Chicago Sun-Times' Scores

  • Movies
  • TV
For 4,734 reviews, this publication has graded:
  • 74% higher than the average critic
  • 2% same as the average critic
  • 24% lower than the average critic
On average, this publication grades 9.3 points higher than other critics. (0-100 point scale)
Average Movie review score: 71
Highest review score: 100 Mad Max Beyond Thunderdome
Lowest review score: 0 Wolf Creek
Score distribution:
4,734 movie reviews
  1. The case transfixed a racially polarized New York City. The teens were labeled as a "wolf pack" by the news media, led by the New York tabloids.
  2. An uncommonly engaging comedy with ripe tragic undertones.
  3. This film is a winner. It will not only entertain you, but also make you think about what it takes to bring happiness into your own life.
  4. You may very well hate it, but at least you've been informed. Perhaps you could enjoy the material about other religions, and tune out when yours is being discussed. That's only human nature.
  5. The central performance in Brothers is by Connie Nielsen, who is strong, deep and true.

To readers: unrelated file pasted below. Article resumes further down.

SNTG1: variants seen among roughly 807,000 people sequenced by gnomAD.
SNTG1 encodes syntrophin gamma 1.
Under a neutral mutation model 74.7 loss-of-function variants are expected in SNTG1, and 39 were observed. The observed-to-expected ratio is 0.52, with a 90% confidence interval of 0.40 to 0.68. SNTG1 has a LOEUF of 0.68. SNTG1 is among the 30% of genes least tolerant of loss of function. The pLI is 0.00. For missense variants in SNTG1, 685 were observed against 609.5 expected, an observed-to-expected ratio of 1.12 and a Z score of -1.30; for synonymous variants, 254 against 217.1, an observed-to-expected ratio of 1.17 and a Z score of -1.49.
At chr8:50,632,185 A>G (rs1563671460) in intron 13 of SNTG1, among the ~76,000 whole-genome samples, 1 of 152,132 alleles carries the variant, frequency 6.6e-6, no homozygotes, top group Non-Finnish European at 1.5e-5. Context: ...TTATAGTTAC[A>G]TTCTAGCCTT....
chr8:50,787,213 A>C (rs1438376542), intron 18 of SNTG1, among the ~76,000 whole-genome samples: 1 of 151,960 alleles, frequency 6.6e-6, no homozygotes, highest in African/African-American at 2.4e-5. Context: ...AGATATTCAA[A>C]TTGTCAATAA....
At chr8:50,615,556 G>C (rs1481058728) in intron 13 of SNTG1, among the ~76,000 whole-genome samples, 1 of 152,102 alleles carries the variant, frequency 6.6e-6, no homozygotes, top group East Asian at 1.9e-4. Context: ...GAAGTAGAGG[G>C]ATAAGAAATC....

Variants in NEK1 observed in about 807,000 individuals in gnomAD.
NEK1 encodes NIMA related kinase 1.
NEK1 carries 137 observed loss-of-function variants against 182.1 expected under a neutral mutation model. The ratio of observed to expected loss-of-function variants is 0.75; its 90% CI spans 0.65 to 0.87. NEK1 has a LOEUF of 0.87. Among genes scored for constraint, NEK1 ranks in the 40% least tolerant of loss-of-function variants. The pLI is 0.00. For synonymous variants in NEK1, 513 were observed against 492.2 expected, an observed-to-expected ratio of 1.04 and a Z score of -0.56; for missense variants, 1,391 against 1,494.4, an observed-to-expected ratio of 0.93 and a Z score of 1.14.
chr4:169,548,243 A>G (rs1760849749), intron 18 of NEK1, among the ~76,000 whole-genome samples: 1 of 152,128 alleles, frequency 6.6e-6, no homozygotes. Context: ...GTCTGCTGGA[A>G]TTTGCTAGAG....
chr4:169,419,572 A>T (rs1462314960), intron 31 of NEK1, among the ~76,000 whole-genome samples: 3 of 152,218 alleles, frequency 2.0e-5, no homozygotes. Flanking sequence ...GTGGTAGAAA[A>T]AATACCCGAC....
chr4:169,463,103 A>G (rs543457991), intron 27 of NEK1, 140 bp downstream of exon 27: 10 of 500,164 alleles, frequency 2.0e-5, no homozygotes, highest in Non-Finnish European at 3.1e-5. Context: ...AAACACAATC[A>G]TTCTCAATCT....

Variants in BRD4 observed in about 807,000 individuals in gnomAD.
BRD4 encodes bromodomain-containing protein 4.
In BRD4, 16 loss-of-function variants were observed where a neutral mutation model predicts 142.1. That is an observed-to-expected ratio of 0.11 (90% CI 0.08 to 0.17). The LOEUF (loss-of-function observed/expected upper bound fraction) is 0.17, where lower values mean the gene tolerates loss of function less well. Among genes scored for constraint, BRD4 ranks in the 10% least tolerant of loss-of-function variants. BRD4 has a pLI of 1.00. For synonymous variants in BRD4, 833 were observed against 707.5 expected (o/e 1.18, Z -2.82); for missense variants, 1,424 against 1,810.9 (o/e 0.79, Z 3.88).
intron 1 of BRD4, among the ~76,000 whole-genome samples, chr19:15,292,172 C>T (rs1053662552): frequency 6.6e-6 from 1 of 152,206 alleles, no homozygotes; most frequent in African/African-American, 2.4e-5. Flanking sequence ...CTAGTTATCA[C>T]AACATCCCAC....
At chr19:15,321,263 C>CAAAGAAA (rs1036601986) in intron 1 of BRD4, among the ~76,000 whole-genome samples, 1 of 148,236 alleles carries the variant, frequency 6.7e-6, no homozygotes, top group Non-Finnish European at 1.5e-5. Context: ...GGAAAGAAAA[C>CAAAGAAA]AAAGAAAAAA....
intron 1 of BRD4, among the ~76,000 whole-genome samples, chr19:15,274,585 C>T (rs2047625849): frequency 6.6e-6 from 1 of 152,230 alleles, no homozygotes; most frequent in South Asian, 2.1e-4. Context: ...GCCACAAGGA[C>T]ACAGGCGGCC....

6. Basically what we have here is a drama, with comedy occasionally lifting the mood. The result is a surprising seriousness; this isn't the mindless romp with cute animals.
  7. This is a serious movie about drinking but not a depressing one. You notice that in the way it handles Charlie (Aaron Paul), Kate's husband. He is also her drinking buddy. When two alcoholics are married, they value each other's company because they know they can expect forgiveness and understanding, while a civilian might not choose to share their typical days.
  8. An intelligent, upbeat, happy movie.
  9. It's interesting that two of the best thrillers of the last several months, "Tell No One" and Just Another Love Story, have come from Europe. Both movies gain because they star actors unfamiliar to us.
  10. In Abel Ferrara’s lurid, sometimes grotesque, train-wreck-watchable Welcome to New York, Depardieu almost literally fills the screen as an enormous bear of a man with insatiable appetites for money, sex and power.
  11. Kidman is superb at making Suzanne into someone who is not only stupid, vain and egomaniacal (we've seen that before) but also vulnerably human.